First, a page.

Endurance Test – South Downs – South Downs MTB

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Wonderful Image of Richard Sterry on South Downs from Anne Dickins – http://annedickins24.blogspot.co.uk/

So the South Downs mountain bike endurance race is just a round the corner, and to give those crazy enough to take on this 17 hour challenge, you may want some insider tips to get one up on fellow enthusiasts.
Many cyclists taking part in this challenge are already in training, if you’re not then it probably best you get training now and make friends with your mountain bike saddle.
It’s common for novices to partake in these events without thorough preparation, but even experienced endurance athletes get injuries. Hopefully, this will give you some training advice and preparation to avoid injury. The basis of any good training should consist of the following approach: –
1. Functional
2. Tapered & Endurance Based
3. Restful
4. Race Prepared
1. Functional training is a key component in many prehab and rehab programmes. The therapy behind this approach to training is quite simple, train the muscles and respiratory systems to do what you want them to do. It’s important to put the time in on the bike to feel the benefit when it comes to race day. It’s not good enough to just poodle around to your local shop, you need to put in the hours on your bike including things like repeated hill climbs. Other than wearing out the tires on your bike, you can do some function training at the gym too. Kettlebell training is a good example of function training that trains all over the body as well focusing on the large muscles group that extends the hips known as glutes. During cycling, the glutes play a massive role in producing the power phase, this is demonstrated perfectly below with the red muscle group (A).

cycling muscles

2. Tapered training – The importance of training is obvious if you want to succeed at endurance events, muscles don’t adopt by sitting in front of the TV, however, training needs to be tapered and graduated. Realistically, this 17 hour mountain bike event is the equivalent of running a marathon, so gradually incremental training is key. The best way to monitor your training increments, is by totalling the mileage ridden each week, but training is not just about miles. As well as distance and endurance, training for these events need o include speed sessions on hills. Not all mountain biking is down hill, so get on those hills and push your self to the limits and you will notice easier ascent during the 17 hour marathon.

IMG_7504_Josh-SDD-23_09_
Josh Ibbett smashes South Downs Double record: 17h 47m 30s

3. Restful training does not mean sitting in front of the TV watching mountain bike videos and wistfully thinking that’s going to make you a better rider. It’s equally important to get rest days catered into your training routine as it is intense training days. During these rest days, even consider daily activities as a work out i.e climbing stairs, going to work, walking to the shops. Rest is important for recovering muscles as well as a balanced diet and high nutritional intake.4. Being race prepared is vital, do not underestimate the power of the mind. Have a strategy in mind that will help you complete the race, pace your self to save some energy for the final push. An other key element in race preparation is ensuring your bike is biomechanical set-up to give you that extra advantage, its worth spending money to get a professional bike fitting, it may just help you pip your mate to the post. And finally, dont be afraid to attempt an event before the main event, this will enable to put all these race preparations into practice and iron out any gremlins.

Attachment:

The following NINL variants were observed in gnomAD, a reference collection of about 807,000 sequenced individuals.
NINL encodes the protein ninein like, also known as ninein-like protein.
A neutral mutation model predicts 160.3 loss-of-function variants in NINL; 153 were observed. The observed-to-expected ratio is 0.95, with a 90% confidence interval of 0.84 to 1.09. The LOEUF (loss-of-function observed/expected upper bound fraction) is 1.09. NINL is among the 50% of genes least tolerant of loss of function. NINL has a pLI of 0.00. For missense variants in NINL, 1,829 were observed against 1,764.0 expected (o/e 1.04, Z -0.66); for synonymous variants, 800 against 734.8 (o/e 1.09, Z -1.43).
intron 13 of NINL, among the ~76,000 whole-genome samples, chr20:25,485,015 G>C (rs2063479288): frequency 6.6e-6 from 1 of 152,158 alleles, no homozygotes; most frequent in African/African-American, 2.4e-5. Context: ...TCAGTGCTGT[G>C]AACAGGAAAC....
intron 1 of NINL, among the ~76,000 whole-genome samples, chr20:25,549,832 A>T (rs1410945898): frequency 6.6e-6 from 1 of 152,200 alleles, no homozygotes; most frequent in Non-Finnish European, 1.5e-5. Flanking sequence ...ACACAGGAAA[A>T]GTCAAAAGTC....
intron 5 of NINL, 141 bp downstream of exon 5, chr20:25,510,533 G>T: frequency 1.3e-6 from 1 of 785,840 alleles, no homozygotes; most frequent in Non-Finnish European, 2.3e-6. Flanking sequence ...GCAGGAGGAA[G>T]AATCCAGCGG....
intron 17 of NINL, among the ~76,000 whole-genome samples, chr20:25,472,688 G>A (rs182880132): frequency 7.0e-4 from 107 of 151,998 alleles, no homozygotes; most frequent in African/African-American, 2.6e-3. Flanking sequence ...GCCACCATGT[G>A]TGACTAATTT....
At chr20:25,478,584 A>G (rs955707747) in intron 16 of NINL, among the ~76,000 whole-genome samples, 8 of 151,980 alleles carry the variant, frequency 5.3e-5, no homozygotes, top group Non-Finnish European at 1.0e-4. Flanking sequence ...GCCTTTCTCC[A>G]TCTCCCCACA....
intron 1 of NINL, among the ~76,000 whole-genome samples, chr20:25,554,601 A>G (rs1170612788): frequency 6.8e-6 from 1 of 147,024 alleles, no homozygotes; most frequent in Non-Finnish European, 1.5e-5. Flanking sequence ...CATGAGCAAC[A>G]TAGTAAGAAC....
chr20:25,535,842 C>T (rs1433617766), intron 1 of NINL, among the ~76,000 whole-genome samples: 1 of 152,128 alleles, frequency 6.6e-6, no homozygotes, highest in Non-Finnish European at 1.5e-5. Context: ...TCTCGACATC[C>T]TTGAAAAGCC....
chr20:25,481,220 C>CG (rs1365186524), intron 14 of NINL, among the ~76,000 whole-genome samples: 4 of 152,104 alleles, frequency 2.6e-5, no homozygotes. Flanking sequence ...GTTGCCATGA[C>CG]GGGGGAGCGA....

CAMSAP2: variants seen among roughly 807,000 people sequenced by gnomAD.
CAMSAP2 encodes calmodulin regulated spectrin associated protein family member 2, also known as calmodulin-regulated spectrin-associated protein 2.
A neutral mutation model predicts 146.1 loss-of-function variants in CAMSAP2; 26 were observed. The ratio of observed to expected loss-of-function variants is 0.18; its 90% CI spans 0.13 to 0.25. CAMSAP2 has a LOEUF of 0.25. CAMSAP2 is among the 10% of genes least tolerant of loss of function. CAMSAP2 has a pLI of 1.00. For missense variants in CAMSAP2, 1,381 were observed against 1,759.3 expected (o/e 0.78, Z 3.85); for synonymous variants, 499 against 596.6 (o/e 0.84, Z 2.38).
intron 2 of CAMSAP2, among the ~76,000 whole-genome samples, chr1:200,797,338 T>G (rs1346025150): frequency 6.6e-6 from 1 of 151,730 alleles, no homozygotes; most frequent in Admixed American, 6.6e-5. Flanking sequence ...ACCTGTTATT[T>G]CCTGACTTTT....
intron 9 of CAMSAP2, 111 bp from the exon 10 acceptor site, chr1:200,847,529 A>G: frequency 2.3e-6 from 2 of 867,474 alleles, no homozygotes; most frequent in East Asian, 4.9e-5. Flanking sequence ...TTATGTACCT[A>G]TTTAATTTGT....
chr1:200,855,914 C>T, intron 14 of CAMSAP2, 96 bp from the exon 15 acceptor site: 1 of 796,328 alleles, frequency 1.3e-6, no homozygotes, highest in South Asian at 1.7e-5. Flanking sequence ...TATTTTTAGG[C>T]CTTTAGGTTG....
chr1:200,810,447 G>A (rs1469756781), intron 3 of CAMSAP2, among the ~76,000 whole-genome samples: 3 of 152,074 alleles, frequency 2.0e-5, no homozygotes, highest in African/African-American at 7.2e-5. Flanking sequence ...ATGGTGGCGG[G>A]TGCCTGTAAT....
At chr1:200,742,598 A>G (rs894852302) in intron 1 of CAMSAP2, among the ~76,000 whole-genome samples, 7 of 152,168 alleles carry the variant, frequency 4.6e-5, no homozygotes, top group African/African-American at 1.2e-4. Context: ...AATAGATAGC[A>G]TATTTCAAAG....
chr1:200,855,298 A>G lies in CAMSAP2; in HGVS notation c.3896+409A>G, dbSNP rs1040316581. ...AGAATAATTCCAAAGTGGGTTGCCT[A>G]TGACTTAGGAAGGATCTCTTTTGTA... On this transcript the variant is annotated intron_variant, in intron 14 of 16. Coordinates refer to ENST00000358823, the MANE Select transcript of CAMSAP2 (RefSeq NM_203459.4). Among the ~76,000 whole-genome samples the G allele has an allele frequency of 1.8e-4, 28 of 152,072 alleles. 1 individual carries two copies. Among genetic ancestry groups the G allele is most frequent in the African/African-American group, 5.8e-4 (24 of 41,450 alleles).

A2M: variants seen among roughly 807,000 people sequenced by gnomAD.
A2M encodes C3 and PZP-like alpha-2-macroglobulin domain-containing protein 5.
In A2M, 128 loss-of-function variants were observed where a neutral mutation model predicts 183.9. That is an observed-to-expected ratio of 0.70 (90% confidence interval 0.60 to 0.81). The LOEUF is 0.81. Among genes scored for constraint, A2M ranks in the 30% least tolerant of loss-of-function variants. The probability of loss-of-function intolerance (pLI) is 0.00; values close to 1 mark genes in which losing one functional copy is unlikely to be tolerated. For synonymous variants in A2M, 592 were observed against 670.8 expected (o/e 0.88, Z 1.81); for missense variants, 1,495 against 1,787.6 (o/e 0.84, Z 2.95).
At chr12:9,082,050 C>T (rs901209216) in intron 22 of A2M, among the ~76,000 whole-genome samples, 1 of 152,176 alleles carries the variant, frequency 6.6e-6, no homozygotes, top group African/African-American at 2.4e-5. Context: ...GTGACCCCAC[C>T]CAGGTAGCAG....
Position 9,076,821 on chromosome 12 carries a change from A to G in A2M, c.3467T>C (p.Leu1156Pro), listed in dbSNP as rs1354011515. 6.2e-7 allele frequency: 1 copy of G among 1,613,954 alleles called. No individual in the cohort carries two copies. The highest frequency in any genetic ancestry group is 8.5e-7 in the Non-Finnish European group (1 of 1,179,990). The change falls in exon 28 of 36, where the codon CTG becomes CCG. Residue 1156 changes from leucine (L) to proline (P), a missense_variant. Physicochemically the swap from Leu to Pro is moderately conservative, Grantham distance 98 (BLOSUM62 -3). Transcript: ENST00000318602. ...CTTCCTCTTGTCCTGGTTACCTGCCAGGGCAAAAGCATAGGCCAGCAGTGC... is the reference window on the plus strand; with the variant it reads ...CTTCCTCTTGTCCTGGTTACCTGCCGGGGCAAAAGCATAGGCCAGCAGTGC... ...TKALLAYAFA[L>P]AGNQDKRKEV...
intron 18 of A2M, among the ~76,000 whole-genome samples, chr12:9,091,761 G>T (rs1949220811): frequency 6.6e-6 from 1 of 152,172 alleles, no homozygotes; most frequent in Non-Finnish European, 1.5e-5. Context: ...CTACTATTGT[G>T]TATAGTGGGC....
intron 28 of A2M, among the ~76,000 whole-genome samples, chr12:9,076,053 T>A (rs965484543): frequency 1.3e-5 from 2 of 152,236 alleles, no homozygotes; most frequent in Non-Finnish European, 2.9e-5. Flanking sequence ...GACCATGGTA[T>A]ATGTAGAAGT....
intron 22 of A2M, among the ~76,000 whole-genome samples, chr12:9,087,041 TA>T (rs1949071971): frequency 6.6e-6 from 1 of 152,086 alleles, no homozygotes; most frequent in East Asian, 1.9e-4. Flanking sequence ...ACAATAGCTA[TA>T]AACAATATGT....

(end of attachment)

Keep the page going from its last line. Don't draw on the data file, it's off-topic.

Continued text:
Down and Dirty
Down and Dirty

Happy biking and enjoy the race.
Thanks for reading
TA Physio

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TA Physio

am driven and passionate about healthcare focused on delivering successful patient outcomes through personalised rehabilitation. So far, I have established a successful career in physiotherapy rehabilitation and gained valuable experience in contributing to marketing strategies within multi-national companies. In 2005 I graduated from UWIC with a degree in science, health, exercise and sport, and then specialised in Physiotherapy and graduated Coventry University in 2008. Since commencing my physiotherapy career I have gained valuable experience in musculoskeletal, sports rehabilitation, and community based neurological and falls prevention rehabilitation within the NHS. In 2010 I set up TA Physio to provide a personal and flexible service for clientele requiring sports rehabilitation, falls prevention & rehabilitation, musculoskeletal physiotherapy as well as bio mechanical assessment in North London. In 2011 I joined AposTherapy as a junior therapist and developed over 2 years to become a Senior AposTherapist in 2013. Recently I have been promoted to lead the London Clinic development and growth reporting directly to the UK Clinical Lead and overseeing ten members of clinical staff. The responsibilities included developing vital HCP links to build referral pathways, accountable for staff development and clinical needs of the AposTherapy London Clinic. In 2014 I provided physiotherapy to elite athletes at The Glasgow 2014 Commonwealth Games. I was based within the busy and dynamic polyclinic within the Athletes' Villages. The aim is to help Glasgow 2014 deliver a direct access physiotherapy service to the people at the heart of the Games. Specialties: Gait Analysis, Deviations and Gait Rehabilitation; Sports Specific Rehabilitation; Orthopaedic Post Operative Rehabilitation; Musculoskeletal Physiotherapy; Clinical Blog Writing; Development and Growth of Clinical Services; Presenting to Healthcare Professionals & Advisory Boards.